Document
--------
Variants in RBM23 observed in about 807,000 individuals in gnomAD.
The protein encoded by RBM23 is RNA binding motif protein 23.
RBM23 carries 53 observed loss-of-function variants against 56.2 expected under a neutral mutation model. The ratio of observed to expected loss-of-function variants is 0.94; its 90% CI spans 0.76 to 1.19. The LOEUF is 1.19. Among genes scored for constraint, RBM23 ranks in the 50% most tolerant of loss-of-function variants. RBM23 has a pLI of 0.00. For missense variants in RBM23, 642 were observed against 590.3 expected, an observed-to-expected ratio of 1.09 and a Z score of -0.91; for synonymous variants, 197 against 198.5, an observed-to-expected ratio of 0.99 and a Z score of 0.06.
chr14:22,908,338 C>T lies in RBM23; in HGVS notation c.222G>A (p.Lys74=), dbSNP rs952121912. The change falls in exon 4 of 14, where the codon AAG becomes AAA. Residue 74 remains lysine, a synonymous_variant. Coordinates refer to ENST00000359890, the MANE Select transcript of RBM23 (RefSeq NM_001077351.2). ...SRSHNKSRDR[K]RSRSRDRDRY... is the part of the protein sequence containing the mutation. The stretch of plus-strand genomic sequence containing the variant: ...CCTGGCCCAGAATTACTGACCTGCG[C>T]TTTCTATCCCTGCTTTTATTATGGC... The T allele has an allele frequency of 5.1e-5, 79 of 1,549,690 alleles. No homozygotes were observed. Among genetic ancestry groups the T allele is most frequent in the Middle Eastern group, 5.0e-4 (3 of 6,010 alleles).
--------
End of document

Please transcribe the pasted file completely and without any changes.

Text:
Variants in RBM23 observed in about 807,000 individuals in gnomAD.
The protein encoded by RBM23 is RNA binding motif protein 23.
RBM23 carries 53 observed loss-of-function variants against 56.2 expected under a neutral mutation model. The ratio of observed to expected loss-of-function variants is 0.94; its 90% CI spans 0.76 to 1.19. The LOEUF is 1.19. Among genes scored for constraint, RBM23 ranks in the 50% most tolerant of loss-of-function variants. RBM23 has a pLI of 0.00. For missense variants in RBM23, 642 were observed against 590.3 expected, an observed-to-expected ratio of 1.09 and a Z score of -0.91; for synonymous variants, 197 against 198.5, an observed-to-expected ratio of 0.99 and a Z score of 0.06.
chr14:22,908,338 C>T lies in RBM23; in HGVS notation c.222G>A (p.Lys74=), dbSNP rs952121912. The change falls in exon 4 of 14, where the codon AAG becomes AAA. Residue 74 remains lysine, a synonymous_variant. Coordinates refer to ENST00000359890, the MANE Select transcript of RBM23 (RefSeq NM_001077351.2). ...SRSHNKSRDR[K]RSRSRDRDRY... is the part of the protein sequence containing the mutation. The stretch of plus-strand genomic sequence containing the variant: ...CCTGGCCCAGAATTACTGACCTGCG[C>T]TTTCTATCCCTGCTTTTATTATGGC... The T allele has an allele frequency of 5.1e-5, 79 of 1,549,690 alleles. No homozygotes were observed. Among genetic ancestry groups the T allele is most frequent in the Middle Eastern group, 5.0e-4 (3 of 6,010 alleles).